Enter The Graf Spee No. 2

Today’s guest post is brought to you by author John Brimlow.

Aboard the Graf Spee, lookouts had also taken note of the presence of the Arys. “Kapitan! Kampflinienluftschiff ahead, climbing,” reported Lieutenant Gruber.
“A Kampflinienluftschiff? We have none out here. Are you sure?” asked Kapitan zur See Karl Langsdorff.

“Yes, sir. There’s no mistaking the three gun decks.”
“Let me see,” replied Kapitan Langsdorff. He figured that his new officers were being overenthusiastic again.

“You’re right. Three gun decks. And the colors of the old Kaiser’s fleet.” Karl thought for a moment. The Abwehr had circulated a file on just such a zeppelin, but no one in the Kriegsmarine had believed it.

“Mein Gott! It’s the Arys! Sound action stations!”

Men scrambled across the deck as the Graf Spee increased speed. Ammunition lockers were opened and antiaircraft guns were brought to bear. The gunners awaited the order to fire, but Arys remained out of range. They could only watch planes begin to emerge from her belly, set the delay fuzes on their shells, and wait.


Aki put her fighter into a lazy circle, waiting to form up with other fighters. Glancing back, she noticed that the big Nazi warship wasn’t shooting yet. Bringing her plane overhead, Aki grinned broadly and rolled in for attack. Now the 8.8cm guns began to thunder, flinging softball-sized projectiles skyward. Dr. Nagumo retaliated by raking the deck with machine gun fire, causing some of the greener men to dive for cover. She held her dive as low as she dared, waiting for the Graf Spee to fill her gunsight. Then she released her two small bombs and pulled the stick back hard. G-forces slammed her back in her seat, but she strained against them to see the results. The bombs hit and exploded amidships. Something seemed to be burning, but she could not tell what. She sped away, gaining altitude, and keyed her mic. “Petar? Petar, hurry up. You’re missing the fun.”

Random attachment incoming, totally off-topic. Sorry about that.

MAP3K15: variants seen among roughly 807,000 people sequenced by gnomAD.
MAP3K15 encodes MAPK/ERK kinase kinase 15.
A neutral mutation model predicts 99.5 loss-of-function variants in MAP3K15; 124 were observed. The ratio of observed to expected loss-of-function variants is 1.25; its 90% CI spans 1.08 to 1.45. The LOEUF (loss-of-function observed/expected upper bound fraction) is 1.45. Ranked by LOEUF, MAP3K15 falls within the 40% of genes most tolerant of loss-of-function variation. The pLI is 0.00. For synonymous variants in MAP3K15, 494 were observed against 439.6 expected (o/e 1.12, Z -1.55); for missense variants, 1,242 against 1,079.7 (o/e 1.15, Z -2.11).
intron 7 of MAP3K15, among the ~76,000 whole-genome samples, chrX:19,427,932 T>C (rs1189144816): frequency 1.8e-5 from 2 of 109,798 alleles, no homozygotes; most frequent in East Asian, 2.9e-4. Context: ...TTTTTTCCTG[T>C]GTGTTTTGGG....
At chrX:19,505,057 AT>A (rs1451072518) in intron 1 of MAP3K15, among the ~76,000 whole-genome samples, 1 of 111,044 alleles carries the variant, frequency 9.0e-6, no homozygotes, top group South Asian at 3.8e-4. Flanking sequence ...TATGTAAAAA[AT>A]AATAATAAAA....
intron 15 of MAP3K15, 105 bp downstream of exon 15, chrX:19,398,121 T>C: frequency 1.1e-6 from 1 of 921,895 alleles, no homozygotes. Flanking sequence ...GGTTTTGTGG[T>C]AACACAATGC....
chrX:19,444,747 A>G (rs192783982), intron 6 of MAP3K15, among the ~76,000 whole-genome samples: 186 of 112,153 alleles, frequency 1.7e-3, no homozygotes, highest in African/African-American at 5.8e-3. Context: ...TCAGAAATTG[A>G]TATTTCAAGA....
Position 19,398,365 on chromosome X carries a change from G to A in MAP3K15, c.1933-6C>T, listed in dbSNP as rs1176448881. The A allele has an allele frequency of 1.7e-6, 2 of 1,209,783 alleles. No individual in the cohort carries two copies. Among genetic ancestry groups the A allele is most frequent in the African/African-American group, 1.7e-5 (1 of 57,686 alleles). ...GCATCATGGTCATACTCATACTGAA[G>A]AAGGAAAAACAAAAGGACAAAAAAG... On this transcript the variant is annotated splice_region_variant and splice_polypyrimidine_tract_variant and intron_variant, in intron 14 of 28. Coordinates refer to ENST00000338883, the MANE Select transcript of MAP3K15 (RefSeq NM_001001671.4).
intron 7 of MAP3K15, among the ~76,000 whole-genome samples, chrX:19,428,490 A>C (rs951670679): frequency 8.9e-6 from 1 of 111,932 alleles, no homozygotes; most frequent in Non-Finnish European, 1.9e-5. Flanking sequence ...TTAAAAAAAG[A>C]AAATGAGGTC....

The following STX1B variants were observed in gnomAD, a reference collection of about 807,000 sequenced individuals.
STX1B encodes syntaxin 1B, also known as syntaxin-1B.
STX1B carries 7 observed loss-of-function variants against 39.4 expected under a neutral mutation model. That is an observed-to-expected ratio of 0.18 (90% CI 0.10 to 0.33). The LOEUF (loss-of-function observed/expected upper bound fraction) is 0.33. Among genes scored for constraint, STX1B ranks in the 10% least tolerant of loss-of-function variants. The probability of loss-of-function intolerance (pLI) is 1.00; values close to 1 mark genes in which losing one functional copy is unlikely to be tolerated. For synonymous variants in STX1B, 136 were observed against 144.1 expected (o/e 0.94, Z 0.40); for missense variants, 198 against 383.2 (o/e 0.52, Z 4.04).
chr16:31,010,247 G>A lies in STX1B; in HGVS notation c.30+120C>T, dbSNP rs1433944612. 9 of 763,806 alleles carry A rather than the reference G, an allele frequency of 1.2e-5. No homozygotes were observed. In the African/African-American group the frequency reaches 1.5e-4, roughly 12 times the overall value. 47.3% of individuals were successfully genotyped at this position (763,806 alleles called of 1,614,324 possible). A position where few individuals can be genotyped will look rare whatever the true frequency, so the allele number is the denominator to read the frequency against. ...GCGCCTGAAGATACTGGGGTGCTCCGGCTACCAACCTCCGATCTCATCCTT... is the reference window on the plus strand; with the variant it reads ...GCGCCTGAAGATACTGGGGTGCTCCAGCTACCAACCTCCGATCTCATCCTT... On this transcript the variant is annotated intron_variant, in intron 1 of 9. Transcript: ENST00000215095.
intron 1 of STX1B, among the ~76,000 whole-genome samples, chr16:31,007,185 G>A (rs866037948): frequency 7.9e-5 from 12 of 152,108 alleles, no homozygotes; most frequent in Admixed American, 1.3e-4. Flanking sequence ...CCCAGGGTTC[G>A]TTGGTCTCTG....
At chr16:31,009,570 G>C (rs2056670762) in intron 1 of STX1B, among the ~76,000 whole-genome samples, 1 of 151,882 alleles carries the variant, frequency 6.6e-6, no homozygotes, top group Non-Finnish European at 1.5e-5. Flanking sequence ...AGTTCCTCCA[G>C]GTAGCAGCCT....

Petar Jovovic was just completing his launch from the Arys’ port skyhook. “Coming out now. Any idea how to stop this thing?”

“We just have to inflict enough damage, preferably to the engines,” replied Aki. “Your bombs should be big enough. The funnels are a pretty good aim point.”

Just then, a pair of turrets a bit aft of amidships begun to spit bursts of five onion-sized balls of flame at the assembling planes. They contrasted vividly with the inky black puffs from the flak rounds of the eighty-eights. Petar had seen these in the War. He keyed his mic, “Mind flaming onions. They’re lighter than most flak, but they still hurt.”
Aki muttered, “I thought those were obsolete.”

“Well, you did set boat deck ablaze,” replied Petar. “I’ll come from above and you attack low to suppress flak?”

“Sounds like a plan,” replied Aki.

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